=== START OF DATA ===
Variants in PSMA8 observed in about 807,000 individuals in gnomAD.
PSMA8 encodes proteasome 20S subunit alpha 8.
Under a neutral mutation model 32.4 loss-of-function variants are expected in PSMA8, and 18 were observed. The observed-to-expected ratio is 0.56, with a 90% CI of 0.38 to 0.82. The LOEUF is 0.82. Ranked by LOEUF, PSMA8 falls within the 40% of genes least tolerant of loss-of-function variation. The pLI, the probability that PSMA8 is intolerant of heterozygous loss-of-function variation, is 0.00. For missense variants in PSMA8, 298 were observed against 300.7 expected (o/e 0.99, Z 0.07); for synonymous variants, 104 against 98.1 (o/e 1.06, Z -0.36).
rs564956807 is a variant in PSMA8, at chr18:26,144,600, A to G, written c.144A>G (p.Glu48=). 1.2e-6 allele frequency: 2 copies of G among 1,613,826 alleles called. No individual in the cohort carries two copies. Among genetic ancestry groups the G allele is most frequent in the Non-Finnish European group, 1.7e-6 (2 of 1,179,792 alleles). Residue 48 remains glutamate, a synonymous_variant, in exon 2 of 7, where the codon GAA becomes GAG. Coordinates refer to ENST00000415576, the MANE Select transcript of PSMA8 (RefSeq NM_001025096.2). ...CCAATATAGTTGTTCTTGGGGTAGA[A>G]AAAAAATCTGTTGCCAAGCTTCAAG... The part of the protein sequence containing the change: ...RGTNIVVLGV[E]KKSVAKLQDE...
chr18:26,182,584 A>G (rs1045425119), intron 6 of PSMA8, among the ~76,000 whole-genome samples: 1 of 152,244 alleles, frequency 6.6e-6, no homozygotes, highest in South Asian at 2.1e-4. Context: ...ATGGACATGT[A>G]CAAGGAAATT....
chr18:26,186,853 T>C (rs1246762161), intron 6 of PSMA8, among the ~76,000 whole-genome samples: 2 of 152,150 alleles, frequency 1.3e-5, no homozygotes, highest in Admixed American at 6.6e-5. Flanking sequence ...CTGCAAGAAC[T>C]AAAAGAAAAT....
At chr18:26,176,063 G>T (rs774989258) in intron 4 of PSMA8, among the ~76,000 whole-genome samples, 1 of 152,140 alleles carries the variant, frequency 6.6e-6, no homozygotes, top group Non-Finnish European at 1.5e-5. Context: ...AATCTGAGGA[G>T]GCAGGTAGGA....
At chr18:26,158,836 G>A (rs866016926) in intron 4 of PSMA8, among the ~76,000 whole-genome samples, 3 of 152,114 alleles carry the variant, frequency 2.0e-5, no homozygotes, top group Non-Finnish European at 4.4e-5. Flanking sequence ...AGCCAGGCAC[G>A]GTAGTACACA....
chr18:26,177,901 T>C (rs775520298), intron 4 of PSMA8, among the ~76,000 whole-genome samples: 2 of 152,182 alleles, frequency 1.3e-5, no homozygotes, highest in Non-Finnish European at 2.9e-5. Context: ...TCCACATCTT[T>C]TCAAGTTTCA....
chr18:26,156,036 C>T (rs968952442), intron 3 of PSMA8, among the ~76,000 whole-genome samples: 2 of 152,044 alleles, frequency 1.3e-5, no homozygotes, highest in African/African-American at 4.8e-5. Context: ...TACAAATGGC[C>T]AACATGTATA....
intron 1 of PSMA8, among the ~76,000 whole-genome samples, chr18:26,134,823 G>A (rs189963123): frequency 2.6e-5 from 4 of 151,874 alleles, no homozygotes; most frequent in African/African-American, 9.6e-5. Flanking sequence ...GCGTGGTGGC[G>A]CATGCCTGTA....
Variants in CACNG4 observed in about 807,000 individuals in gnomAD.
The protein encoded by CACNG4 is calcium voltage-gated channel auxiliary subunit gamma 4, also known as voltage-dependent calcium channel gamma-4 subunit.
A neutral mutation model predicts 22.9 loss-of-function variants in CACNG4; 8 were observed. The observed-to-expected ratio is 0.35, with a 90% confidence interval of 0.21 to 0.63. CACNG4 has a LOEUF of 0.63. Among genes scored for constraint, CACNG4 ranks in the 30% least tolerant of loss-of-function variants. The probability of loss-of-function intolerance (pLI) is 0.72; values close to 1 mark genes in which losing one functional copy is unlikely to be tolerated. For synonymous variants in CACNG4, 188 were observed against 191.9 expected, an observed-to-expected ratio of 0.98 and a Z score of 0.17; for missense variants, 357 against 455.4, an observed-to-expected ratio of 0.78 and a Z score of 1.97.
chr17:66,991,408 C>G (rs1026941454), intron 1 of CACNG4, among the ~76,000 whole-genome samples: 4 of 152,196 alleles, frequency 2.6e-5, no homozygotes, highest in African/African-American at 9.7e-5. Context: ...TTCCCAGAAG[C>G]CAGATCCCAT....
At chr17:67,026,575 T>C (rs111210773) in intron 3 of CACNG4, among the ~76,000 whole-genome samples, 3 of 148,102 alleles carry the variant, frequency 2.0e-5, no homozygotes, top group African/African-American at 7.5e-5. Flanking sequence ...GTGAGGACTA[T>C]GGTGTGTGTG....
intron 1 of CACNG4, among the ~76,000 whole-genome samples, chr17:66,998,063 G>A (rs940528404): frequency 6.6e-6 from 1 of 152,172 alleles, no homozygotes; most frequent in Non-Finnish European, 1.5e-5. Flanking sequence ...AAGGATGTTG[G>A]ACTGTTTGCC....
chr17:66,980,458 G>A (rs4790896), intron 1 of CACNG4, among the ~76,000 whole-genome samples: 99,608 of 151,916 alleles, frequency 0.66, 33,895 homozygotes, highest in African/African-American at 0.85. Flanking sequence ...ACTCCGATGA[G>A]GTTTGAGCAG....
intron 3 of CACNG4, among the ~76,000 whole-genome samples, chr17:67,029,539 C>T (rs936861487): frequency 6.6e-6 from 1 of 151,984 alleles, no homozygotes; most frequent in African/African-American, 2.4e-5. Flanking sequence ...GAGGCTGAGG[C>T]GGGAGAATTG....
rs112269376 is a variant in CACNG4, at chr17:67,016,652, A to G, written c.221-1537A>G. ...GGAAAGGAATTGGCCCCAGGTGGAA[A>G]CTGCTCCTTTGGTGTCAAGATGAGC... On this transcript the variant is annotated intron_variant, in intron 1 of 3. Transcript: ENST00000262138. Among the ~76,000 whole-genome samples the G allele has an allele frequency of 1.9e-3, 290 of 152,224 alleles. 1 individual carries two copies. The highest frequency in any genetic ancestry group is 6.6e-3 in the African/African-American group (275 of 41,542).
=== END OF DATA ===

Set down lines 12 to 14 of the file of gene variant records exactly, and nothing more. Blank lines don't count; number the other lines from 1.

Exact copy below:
Variants in CACNG4 observed in about 807,000 individuals in gnomAD.
The protein encoded by CACNG4 is calcium voltage-gated channel auxiliary subunit gamma 4, also known as voltage-dependent calcium channel gamma-4 subunit.
A neutral mutation model predicts 22.9 loss-of-function variants in CACNG4; 8 were observed. The observed-to-expected ratio is 0.35, with a 90% confidence interval of 0.21 to 0.63. CACNG4 has a LOEUF of 0.63. Among genes scored for constraint, CACNG4 ranks in the 30% least tolerant of loss-of-function variants. The probability of loss-of-function intolerance (pLI) is 0.72; values close to 1 mark genes in which losing one functional copy is unlikely to be tolerated. For synonymous variants in CACNG4, 188 were observed against 191.9 expected, an observed-to-expected ratio of 0.98 and a Z score of 0.17; for missense variants, 357 against 455.4, an observed-to-expected ratio of 0.78 and a Z score of 1.97.